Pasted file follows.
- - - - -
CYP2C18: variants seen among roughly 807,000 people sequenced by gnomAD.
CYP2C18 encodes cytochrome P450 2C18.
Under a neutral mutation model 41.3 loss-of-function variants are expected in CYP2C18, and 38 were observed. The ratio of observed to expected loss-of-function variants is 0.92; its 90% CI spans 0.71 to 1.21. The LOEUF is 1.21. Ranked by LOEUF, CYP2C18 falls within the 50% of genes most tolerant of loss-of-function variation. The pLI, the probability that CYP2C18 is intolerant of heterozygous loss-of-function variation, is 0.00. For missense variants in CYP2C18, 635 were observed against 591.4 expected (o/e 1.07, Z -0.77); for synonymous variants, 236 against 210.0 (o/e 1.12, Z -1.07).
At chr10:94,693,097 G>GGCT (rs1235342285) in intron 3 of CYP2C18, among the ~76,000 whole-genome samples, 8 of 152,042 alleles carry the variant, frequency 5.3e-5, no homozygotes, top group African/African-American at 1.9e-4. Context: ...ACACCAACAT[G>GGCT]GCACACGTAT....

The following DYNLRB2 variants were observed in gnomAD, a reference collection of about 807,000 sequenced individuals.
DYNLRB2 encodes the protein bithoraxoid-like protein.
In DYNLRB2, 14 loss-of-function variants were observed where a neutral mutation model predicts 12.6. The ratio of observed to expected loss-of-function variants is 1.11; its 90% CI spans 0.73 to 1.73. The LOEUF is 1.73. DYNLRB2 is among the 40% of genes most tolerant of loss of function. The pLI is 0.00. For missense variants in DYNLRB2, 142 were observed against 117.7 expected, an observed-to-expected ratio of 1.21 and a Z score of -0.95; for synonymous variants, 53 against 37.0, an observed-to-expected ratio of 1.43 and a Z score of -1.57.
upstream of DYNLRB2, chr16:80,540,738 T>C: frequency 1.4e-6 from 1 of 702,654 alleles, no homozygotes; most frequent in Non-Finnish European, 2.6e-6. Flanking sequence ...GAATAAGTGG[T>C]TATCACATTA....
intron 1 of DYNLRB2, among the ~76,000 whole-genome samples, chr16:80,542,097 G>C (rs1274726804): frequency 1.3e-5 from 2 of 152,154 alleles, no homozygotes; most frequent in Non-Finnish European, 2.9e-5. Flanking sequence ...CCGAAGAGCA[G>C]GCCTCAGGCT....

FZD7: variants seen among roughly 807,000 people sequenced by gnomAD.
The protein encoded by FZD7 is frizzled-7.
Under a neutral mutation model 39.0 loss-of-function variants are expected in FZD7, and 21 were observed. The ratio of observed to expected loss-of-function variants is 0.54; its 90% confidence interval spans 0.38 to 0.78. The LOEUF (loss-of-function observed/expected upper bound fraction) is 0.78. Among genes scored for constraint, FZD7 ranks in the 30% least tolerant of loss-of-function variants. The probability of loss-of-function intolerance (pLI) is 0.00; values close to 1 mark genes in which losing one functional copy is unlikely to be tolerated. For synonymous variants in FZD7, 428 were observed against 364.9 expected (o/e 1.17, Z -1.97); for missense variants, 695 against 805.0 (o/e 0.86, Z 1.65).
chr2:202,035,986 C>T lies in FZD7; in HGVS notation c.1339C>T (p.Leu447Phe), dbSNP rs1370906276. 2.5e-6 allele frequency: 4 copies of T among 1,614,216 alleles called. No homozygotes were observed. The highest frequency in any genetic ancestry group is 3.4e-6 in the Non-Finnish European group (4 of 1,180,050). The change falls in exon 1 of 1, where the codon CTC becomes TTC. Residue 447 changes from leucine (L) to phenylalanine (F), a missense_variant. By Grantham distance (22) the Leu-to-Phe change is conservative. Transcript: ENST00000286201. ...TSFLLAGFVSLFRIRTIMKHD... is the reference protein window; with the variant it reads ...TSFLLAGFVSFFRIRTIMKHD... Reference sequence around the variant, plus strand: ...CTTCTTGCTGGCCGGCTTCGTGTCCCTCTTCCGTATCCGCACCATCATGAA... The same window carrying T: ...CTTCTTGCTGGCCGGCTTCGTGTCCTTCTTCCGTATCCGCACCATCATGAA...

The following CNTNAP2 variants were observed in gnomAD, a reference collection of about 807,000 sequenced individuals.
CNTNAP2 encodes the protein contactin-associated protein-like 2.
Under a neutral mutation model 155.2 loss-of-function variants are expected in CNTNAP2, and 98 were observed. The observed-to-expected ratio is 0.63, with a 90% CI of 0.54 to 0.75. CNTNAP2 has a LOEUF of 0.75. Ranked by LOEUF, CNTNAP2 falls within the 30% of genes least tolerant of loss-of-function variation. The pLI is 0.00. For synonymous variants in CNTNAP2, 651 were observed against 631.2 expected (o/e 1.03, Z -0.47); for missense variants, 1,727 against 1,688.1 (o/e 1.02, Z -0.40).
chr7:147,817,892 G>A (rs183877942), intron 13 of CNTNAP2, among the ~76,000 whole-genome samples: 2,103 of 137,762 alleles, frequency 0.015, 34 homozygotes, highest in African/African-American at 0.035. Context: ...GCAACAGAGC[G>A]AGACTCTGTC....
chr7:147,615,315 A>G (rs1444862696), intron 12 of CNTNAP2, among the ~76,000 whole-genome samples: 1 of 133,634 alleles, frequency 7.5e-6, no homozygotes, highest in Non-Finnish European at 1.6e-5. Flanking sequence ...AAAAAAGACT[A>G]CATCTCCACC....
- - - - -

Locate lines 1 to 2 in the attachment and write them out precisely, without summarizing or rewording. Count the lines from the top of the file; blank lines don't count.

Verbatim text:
CYP2C18: variants seen among roughly 807,000 people sequenced by gnomAD.
CYP2C18 encodes cytochrome P450 2C18.